As one of the event’s speakers, the Rev. Dr. Andrea Bagby recalls the struggles of the enslaved during the special Middlesex County Juneteenth program, which was presented June 22 at St. Clare Walker Middle School. (Photo by Tom Chillemi)

Juneteenth commemorates the day on June 19, 1865 when a Union general read orders in Galveston, Texas, stating all enslaved people in the state were free according to federal law. Juneteenth was designated a federal holiday in 2021.

On June 19, 1865, Army troops went to Galveston, Texas, to free the last enslaved Black people in the United States. It was a group of about 250,000 slaves who did not reap the immediate benefits of the Emancipation Proclamation a couple years prior simply because they did not know.

Again, returning to the true meaning of freedom. What does freedom mean to you?

To me, it’s the ability to live freely, think freely, speak freely, and move freely. The bravery of those before me is more than enough reason to keep going. Their resilience, drive, and spirit are certainly the reasons for the Juneteenth season.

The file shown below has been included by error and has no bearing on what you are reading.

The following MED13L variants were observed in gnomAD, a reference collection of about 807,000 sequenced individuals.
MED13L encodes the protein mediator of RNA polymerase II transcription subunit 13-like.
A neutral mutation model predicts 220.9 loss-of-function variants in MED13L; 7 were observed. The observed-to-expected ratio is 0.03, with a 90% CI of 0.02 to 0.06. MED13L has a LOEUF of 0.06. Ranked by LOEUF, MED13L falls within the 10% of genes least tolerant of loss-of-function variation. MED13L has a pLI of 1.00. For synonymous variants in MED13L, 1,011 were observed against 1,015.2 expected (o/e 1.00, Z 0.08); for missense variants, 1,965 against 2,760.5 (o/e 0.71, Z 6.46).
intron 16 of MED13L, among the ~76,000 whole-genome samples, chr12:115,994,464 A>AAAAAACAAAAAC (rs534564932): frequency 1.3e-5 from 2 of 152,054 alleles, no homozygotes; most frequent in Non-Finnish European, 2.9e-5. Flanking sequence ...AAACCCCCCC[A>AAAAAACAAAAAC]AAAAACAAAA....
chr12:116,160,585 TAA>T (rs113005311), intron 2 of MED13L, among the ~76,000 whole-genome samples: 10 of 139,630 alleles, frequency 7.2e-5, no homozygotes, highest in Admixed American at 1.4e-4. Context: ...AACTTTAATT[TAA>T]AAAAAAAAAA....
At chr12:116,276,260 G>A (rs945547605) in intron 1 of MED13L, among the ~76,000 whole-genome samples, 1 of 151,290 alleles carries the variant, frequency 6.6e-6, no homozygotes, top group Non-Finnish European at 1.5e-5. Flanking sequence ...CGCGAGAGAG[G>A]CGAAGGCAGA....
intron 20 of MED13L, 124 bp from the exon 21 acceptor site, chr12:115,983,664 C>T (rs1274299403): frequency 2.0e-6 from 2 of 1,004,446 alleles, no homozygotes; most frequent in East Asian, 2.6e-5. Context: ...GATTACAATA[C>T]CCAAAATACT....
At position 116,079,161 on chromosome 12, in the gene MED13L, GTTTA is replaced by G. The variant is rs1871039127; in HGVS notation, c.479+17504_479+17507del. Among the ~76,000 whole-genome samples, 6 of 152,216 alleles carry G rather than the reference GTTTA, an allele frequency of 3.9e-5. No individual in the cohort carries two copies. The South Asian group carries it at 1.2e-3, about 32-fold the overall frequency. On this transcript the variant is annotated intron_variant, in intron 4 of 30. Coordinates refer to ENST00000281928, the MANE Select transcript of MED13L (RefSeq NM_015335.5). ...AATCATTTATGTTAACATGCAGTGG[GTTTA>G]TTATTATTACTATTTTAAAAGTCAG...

Racial injustice and inequality have not disappeared. There will likely always be room for improvement. We are the change agents. We cannot become complacent. We cannot give up. We must always remember and most importantly – we must keep going because one day we will be able to look back and see how far we have come.

There’s more to this story…

Are you a subscriber? Log in

Many more news articles, photos and ads are available only to those who subscribe to our printed newspaper or our online e-Edition.

Pick up a copy or Subscribe today!

For assistance, call 804-758-2328.